'Very well; here it is."

The man went in without saying another word, and returning immediately, pointed to a door, and invited the stranger to enter. The traveller, without hesitation, turned the handle, and with a firm step entered a large, well-lighted room, where a handsome young Englishman sat enthroned behind a big, ledger-looking book. Waiting a few seconds, and seeing that no notice was taken of him, the

THE LITTLE WORLD: A STORY OF JAPAN. new-comer at last approached the desk



WHEN Yokohama was first opened to European trade in 1859, there arrived one fine day in one of the earliest steamers from Shanghai a tall, slim young Irishman, with fair hair and bright blue eyes. While the boats were being got ready to land the passengers, he stood on deck whistling, and gazing attentively at the little town lying in a crescent before him,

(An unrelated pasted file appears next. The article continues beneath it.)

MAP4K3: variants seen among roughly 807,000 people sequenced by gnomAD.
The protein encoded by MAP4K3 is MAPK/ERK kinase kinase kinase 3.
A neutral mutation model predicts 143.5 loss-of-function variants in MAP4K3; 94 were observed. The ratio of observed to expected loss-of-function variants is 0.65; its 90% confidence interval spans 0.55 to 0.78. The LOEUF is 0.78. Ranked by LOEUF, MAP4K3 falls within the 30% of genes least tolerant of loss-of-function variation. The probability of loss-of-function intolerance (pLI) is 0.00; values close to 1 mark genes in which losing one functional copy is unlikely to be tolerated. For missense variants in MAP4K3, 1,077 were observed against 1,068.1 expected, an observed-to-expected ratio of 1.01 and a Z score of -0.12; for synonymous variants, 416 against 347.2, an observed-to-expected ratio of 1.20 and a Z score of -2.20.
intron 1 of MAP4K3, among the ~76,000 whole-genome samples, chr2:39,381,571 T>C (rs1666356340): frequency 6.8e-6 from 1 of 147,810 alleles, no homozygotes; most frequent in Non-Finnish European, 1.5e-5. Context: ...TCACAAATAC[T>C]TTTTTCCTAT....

and said, in a rather loud but agreeable voice,

"I have come here to register myself in the books of the consulate as a British subject," at the same time handing the consul his passport.

"You arrived to-day?" asked the commercial representative of his country. "Ten minutes ago."

"In the Cadiz, Captain M'Gregor?" "Yes, sir."

"Did the steamer bring the mails? "

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He then wrote on the passport in large figures, with red ink, the number 13, and returned it to its owner.

The new arrival looked at it carefully, shook his head, elevated his eyebrows, and stared again and again at the ominous figure. There was something comically familiar in his attitude, but her Majesty's consul for Japan, who in those days was considered a personage of very great importance, did not seem at all inclined to place himself with Mr. Ashbourne on the footing of equality apparently solicited. He contented himself, therefore, by saying,